For modern Indians, the town-planning masterpieces of Mohenjodaro and Harappa built by their ancestors nearly five millennia ago are a distant memory, far removed from the chaotic urban spaces they inhabit in the twenty-first century. Harking back to the spirit of that hoary accomplishment, a handful of eminent Indians have come together to build an institution dedicated to pedagogy and practice which could help transform and renew the country’s cities and towns. Brick by brick, the intellectual and financial foundations of the Indian Institute of Human Settlements are being laid by some of India’s most prominent and generous business leaders, academicians and technocrats. Following a donation of Rs. 50 crore by Infosys co-founder Nandan Nilekani and his wife Rohini, the institute has been bestowed with gifts of money from investment banker Hemendra Kothari and Uday Kotak, the vice-chairman and managing director of Kotak Mahindra Bank. “We all know India is rapidly urbanising in a very chaotic manner. While one cannot cure all the ills, you can make your own little contribution. That is the basic idea behind this institution,” says Chandrasekhar Bhave, the former chairman of securities market regulator Sebi who was named the chairman of IIHS in May. To be housed on a 55-acre campus in the south Bangalore suburb of Kengeri, IIHS aims to raise around Rs. 400 crore from independent donors. Once it wins recognition as a university, it will offer undergraduate, masters and doctoral programmes using an inter-disciplinary approach that has few global parallels.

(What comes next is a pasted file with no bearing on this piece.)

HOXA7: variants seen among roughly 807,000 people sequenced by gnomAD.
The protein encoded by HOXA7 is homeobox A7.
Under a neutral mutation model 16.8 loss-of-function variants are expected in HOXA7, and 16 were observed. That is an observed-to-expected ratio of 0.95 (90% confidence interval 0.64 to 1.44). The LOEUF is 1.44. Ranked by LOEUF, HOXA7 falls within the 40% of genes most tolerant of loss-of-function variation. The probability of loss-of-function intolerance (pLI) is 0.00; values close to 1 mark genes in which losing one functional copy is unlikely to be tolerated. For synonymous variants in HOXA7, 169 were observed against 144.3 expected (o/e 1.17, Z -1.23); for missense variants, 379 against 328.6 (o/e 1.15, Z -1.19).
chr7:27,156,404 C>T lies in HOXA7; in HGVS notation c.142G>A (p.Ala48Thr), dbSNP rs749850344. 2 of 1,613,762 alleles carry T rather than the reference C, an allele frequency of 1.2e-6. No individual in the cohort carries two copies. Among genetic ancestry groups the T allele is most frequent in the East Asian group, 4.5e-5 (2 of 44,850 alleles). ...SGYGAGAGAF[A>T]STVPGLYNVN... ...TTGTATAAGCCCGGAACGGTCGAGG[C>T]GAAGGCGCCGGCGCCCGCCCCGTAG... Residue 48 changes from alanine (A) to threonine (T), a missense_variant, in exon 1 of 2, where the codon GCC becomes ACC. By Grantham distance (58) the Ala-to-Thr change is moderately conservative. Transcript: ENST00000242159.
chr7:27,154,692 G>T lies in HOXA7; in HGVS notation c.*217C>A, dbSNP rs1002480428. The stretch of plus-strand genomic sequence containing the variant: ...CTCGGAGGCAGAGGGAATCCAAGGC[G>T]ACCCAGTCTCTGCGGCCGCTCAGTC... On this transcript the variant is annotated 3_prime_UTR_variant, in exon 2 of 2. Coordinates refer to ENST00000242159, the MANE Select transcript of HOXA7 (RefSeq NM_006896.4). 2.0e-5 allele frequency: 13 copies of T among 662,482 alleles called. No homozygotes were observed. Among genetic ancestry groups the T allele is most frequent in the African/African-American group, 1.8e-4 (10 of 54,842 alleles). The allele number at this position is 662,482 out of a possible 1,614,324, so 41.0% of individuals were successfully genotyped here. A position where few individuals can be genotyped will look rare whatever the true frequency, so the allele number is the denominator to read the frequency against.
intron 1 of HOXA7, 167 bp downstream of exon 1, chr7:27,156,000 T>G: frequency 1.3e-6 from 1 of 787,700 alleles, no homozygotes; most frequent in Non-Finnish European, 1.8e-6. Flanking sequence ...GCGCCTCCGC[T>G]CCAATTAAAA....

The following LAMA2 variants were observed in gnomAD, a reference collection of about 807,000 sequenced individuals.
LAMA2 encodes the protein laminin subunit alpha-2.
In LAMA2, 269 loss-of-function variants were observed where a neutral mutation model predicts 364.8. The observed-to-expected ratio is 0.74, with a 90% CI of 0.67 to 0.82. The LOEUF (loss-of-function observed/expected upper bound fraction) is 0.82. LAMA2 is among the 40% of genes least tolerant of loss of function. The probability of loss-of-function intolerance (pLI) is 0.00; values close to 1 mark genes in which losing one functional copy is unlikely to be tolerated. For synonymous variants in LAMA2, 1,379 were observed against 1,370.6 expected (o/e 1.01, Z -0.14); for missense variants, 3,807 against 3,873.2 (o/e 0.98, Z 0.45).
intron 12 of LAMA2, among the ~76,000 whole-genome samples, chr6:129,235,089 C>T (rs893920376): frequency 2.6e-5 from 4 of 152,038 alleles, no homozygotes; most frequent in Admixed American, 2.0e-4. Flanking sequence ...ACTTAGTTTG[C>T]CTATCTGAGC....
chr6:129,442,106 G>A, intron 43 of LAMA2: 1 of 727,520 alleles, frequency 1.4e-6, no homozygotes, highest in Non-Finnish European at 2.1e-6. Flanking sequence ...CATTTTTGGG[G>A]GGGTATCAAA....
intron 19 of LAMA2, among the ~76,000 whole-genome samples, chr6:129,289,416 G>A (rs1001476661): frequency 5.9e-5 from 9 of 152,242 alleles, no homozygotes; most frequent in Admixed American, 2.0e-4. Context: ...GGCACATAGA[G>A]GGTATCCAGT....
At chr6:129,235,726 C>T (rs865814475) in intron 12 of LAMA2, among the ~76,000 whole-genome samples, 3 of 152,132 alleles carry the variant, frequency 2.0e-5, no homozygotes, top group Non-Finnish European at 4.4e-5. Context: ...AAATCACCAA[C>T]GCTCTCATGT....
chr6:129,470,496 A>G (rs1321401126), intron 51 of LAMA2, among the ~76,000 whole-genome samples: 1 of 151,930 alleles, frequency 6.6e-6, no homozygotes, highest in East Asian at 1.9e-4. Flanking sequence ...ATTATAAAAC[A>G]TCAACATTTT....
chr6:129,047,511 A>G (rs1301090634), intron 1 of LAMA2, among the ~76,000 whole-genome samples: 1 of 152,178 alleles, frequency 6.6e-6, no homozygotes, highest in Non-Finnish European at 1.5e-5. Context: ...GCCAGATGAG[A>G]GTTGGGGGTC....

Apart from sustainable environment practices, the specialist schools of study will include governance & policy, economic development, human development and settlements & infrastructure.
The 17-member promoter group, which is providing its services pro bono and has committed Rs. 15 crore in funding, includes leading lights of Indian business such as Deepak Parekh (HDFC), Jamshyd Godrej (Godrej & Boyce), Kishore Mariwala (Marico), Nasser Munjee (DCB) as well as professionals such as Rakesh Mohan (former RBI deputy governor) and Vijay Kelkar (former finance secretary).
Kothari says he decided to write a cheque for Rs. 10 crore after conversations with Nilekani and Rahul Mehrotra, professor of urban design at the Harvard Graduate School of Design and one of the promoters of IIHS.
Set up with a charter of being independently funded, IIHS is a not-for-profit company under Section 25 of the Indian Companies Act. Donors will have no influence on the way the university functions. Nearly three years after it was first seeded as an idea, IIHS is still awaiting the passage of a law which will allow it to apply to become a full-fledged university.
Housed in temporary campuses in New Delhi and Bangalore, IIHS offers brief courses in disciplines such as social venture design. In October this year, it will launch an eight-month course for working professionals in the area of urban development.
In keeping with its approach of combining academics with practice, IIHS has built a network of anchor partners ranging from the University College, London, Massachusetts Institute of Technology, University of Cape Town as well as industry partners such as design major Ideo and engineering services company Arup that has worked on the design for the London and Beijing Olympic games.

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